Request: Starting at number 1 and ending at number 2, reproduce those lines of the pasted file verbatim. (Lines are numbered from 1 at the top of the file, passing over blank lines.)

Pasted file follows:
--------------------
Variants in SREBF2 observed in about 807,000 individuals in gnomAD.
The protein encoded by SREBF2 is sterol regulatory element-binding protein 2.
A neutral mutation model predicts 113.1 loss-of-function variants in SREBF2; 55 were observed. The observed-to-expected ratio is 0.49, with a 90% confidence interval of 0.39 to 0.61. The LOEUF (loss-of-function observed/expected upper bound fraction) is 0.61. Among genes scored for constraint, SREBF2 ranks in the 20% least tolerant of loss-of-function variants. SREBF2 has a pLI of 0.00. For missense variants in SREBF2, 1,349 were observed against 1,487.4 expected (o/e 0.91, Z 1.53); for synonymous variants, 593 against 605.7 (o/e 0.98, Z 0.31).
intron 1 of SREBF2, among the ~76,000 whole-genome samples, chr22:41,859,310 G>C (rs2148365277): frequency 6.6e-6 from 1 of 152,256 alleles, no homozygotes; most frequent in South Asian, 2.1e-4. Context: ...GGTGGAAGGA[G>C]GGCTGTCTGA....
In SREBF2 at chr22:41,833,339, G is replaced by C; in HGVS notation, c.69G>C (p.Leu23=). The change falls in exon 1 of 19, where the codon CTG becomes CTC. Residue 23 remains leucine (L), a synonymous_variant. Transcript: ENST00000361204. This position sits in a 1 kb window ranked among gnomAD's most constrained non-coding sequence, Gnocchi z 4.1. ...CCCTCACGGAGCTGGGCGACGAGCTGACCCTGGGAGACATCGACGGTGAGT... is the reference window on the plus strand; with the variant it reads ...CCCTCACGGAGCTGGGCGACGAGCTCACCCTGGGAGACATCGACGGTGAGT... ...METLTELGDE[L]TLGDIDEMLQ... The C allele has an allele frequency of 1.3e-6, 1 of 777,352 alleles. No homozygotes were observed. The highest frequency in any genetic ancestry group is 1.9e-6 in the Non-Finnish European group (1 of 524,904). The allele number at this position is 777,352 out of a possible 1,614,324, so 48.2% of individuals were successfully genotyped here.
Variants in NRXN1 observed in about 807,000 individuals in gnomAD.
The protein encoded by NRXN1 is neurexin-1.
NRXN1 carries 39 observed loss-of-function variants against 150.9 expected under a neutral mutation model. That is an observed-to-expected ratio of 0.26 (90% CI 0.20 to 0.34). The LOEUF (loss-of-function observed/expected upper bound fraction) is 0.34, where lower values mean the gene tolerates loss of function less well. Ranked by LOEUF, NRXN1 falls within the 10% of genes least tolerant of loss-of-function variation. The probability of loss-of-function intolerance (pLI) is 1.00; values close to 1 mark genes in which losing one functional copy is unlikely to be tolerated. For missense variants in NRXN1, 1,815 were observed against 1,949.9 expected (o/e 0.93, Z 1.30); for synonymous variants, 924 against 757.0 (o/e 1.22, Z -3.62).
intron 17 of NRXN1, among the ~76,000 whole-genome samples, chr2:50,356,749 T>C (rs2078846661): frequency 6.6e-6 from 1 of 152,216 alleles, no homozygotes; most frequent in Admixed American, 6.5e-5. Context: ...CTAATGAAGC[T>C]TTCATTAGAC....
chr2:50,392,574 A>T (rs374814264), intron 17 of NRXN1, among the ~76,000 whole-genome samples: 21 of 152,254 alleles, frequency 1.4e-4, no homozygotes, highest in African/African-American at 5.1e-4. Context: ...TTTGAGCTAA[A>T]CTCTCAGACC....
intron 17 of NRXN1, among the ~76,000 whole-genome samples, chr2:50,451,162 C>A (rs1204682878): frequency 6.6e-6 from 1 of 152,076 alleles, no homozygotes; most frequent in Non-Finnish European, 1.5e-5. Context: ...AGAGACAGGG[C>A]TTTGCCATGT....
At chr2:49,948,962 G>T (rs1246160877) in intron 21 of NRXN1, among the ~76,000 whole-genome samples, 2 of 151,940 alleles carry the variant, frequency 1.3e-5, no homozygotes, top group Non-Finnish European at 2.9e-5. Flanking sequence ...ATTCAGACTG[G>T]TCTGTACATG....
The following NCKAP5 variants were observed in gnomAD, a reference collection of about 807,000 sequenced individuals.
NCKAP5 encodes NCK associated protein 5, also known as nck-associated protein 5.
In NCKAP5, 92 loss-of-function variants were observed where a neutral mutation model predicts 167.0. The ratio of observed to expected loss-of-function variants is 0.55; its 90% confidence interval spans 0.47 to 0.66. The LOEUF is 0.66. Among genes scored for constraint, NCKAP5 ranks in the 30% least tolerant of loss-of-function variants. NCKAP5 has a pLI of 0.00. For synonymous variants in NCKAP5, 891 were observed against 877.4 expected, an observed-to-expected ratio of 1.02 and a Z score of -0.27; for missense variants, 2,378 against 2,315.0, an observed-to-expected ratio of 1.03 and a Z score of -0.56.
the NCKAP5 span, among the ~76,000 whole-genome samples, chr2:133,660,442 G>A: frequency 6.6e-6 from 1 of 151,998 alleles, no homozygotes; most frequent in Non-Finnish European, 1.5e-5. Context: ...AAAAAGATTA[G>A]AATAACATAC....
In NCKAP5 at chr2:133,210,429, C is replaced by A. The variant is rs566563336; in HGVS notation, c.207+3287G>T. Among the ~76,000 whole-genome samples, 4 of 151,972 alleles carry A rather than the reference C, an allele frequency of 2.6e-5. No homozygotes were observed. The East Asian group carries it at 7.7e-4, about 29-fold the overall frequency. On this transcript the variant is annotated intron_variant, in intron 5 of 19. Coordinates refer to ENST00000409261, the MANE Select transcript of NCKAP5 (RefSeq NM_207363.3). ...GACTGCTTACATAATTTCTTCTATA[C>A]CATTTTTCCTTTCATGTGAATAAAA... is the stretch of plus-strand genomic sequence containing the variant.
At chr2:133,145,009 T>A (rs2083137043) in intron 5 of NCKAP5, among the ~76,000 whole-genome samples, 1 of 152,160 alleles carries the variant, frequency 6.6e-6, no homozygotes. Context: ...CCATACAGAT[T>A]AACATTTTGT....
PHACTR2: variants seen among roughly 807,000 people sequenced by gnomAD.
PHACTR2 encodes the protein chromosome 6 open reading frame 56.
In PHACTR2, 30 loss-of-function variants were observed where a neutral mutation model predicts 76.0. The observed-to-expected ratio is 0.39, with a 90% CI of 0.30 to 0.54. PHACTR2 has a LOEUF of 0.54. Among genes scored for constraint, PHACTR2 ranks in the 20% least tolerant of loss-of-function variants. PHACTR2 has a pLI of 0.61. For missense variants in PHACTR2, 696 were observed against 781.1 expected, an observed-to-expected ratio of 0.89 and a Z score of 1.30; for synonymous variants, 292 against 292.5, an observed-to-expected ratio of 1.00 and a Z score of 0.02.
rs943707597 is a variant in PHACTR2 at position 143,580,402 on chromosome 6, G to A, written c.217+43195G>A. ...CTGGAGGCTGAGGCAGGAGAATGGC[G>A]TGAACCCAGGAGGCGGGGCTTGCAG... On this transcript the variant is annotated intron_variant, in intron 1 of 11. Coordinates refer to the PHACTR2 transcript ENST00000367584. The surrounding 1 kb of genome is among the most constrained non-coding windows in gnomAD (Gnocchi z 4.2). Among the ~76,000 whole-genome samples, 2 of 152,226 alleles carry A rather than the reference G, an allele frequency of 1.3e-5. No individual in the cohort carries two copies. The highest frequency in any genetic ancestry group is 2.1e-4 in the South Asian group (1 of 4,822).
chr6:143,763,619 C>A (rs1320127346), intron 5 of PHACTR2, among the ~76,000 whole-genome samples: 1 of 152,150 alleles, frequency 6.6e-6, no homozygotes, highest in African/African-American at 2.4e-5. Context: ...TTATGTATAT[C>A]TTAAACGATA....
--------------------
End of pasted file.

Variants in SREBF2 observed in about 807,000 individuals in gnomAD.
The protein encoded by SREBF2 is sterol regulatory element-binding protein 2.